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I-95 corridor bracing for turbulent storms Saturday evening

By Alyssa Smithmyer, AccuWeather, Accuweather.com
Storm clouds pass over One World Trade Center and the Manhattan skyline before sunset in New York City on April 19. File Photo by John Angelillo/UPI | <a href="/News_Photos/lp/29a114e8cfc1f87309fd5415e7728ebe/" target="_blank">License Photo</a>
Storm clouds pass over One World Trade Center and the Manhattan skyline before sunset in New York City on April 19. File Photo by John Angelillo/UPI | License Photo

As the holiday weekend kicks off, AccuWeather meteorologists are warning mid-Atlantic and New England residents of an elevated severe weather risk into Saturday evening.

A potent cold front will gradually track over the Ohio Valley and the northeastern United States throughout the day. As the boundary nears the East Coast by Saturday afternoon and evening, ingredients for severe weather will combine to spark disruptive thunderstorms.

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"During the afternoon and evening hours, atmospheric instability along this front is expected to peak, resulting in the development of strong-to-severe thunderstorms centered over the I-95 corridor", explained AccuWeather meteorologist Adam Sadvary.

Outdoor plans may need to be altered Saturday afternoon and evening near metro areas such as Washington, D.C., Philadelphia, New York City and Boston as thunderstorms threaten multiple modes of severe weather. Even regions along Interstate 81 in eastern Pennsylvania and western Virginia will be at risk for damaging wind gusts ranging from 50 to 60 mph.

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"The primary threats from these storms will be damaging wind gusts and heavy downpours, which can lead to localized flash flooding however, hail cannot be ruled out," stated Sadvary.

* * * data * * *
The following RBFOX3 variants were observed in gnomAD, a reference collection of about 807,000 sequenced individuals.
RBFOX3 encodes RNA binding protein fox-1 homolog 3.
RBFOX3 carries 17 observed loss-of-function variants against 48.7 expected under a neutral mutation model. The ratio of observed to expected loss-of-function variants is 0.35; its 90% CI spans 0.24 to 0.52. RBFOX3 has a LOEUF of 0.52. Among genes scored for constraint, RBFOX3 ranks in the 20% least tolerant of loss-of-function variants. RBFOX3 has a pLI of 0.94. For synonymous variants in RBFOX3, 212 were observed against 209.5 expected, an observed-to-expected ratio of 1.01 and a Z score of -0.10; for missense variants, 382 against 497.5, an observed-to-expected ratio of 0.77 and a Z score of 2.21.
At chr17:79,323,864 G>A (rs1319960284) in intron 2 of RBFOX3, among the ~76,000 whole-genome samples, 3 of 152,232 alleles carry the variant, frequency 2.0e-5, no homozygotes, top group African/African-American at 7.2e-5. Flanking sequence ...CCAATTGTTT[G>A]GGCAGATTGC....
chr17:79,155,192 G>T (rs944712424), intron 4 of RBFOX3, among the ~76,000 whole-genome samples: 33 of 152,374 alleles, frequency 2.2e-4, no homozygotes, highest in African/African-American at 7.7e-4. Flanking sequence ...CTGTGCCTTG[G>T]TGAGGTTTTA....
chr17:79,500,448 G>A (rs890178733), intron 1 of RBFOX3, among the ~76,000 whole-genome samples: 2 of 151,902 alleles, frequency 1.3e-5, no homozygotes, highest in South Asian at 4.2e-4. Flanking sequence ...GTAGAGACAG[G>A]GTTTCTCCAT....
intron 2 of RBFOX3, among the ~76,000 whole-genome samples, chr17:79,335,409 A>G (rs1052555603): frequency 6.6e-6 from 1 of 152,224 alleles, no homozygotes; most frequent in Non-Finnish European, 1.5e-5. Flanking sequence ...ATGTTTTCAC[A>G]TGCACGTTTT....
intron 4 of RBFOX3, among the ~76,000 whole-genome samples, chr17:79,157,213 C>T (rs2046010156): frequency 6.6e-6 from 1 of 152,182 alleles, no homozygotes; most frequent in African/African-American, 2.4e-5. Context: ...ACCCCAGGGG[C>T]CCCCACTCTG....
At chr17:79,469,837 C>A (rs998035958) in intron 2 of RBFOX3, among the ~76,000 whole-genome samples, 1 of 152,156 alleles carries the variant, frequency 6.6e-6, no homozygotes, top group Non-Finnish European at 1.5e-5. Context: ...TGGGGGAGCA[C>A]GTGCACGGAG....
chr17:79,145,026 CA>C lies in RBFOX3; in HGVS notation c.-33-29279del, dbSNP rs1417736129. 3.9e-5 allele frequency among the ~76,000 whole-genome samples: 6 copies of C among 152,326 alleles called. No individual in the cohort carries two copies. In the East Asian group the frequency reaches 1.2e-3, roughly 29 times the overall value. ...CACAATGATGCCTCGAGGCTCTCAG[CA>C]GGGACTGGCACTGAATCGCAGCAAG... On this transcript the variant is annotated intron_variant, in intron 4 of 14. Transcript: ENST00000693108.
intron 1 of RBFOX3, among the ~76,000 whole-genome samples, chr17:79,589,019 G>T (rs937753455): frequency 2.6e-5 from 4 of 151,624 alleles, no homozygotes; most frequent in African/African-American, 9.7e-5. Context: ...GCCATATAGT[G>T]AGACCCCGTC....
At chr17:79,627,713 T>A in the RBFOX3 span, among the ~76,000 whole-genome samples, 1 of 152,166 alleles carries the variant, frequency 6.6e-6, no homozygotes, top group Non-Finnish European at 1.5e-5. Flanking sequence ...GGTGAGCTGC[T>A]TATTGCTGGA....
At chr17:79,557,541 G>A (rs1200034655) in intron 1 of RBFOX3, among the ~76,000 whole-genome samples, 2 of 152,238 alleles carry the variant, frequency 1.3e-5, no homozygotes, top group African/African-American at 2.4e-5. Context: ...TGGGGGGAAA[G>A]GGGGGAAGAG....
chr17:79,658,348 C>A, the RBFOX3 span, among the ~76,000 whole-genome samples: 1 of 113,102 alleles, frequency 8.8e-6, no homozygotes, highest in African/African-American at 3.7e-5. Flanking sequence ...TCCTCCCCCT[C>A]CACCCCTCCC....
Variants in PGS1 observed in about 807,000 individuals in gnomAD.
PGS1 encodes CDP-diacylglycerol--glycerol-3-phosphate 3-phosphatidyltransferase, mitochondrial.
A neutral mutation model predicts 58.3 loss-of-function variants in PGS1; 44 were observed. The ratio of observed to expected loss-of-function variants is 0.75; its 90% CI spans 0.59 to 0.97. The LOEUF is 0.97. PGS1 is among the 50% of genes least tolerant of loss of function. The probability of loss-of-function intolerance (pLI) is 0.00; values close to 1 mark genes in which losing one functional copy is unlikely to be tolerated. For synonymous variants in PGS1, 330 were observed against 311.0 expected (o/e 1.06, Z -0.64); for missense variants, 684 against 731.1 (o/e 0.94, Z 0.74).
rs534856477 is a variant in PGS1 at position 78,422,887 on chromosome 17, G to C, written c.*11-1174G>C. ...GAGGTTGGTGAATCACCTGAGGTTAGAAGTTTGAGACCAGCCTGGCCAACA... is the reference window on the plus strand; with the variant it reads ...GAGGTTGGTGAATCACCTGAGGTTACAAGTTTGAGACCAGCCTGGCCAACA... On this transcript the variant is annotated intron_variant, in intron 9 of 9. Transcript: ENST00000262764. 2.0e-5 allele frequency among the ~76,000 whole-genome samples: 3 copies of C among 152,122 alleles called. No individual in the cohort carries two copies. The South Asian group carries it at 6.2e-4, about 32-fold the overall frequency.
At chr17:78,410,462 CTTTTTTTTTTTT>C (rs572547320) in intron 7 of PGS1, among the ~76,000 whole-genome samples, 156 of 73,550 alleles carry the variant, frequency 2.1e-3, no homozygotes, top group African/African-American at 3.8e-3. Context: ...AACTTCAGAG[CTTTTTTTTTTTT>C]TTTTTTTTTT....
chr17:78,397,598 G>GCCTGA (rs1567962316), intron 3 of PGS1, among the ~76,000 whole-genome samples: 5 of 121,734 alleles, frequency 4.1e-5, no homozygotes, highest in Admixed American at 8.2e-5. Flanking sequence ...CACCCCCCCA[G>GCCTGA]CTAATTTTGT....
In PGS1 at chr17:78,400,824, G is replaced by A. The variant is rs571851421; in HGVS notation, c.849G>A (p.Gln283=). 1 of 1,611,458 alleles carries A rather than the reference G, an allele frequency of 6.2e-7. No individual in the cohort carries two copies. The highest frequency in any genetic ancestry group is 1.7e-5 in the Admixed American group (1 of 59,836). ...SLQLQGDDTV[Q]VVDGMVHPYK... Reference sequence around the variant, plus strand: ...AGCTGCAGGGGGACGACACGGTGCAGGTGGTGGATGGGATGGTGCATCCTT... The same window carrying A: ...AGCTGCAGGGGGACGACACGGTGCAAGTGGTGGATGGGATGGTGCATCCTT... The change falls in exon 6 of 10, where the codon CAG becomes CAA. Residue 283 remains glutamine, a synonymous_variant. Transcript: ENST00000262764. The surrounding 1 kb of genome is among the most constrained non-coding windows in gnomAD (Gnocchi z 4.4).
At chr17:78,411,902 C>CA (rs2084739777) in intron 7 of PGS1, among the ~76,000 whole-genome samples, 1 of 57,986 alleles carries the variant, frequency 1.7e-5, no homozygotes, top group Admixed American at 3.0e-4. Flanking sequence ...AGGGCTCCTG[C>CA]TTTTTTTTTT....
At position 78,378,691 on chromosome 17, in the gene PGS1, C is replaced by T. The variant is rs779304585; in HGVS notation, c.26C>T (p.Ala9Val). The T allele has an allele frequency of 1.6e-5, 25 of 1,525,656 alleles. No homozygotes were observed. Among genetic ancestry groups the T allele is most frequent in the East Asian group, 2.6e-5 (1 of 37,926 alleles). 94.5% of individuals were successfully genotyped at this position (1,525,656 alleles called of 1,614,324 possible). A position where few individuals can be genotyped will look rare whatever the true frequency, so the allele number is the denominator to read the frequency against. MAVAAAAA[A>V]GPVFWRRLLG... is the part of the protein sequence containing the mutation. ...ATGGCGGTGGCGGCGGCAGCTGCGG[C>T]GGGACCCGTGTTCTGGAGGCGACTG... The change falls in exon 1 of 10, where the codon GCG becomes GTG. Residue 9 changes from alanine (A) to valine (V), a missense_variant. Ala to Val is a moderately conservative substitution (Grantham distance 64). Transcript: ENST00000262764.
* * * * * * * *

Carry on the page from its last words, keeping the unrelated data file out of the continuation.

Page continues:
Forecasters remind readers to be mindful of the danger of lightning in nearby storms and take cover in a safe, enclosed shelter when lightning is present. Experts advise to never take shelter under an isolated tree. Additionally, anyone caught outdoors in a thunderstorm should avoid elevated areas and immediately exit bodies of water such as swimming pools, ponds and lakes.

With many travelers heading to their destinations ahead of Independence Day, significant travel delays can occur as strong-to-severe storms impact the region. Motorists traveling along portions of interstates 80, 81, 90 and 95 should stay vigilant and weather aware as storms fire across the Northeast Saturday afternoon.

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"Given the increase in travel prior to Independence Day, as well as the high population of this threat area, it will be crucial for those with interests in this region to keep an eye on the forecast and to have a backup plan in case storms create issues," noted Sadvary.

Picnic-goers from Virginia to Massachusetts should also stay up to date on the latest forecast and prepare for the possibility of shifting plans indoors.

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With the potential for heavier storms to develop around dusk, some firework displays may be delayed or canceled for some Northeast towns and cities closer to the coast.

Ample sunshine and dry weather will return to the mid-Atlantic states and New England on Sunday as the slow-moving front shifts away from the coast. Daytime highs in locations like Boston, New York City and Philadelphia are expected to range from the mid-80s to near 90 degrees Fahrenheit on Sunday as the holiday weekend celebrations continue.

On Monday, Independence Day, conditions will likely remain mainly dry across the Northeast. Forecasters say that northern New England residents will experience comfortable weather, with temperatures near 80 F. Locations across the interior Northeast are expected to reach daytime highs in the mid-80s F to low 90s F, just a degree or two above average for this time of year.

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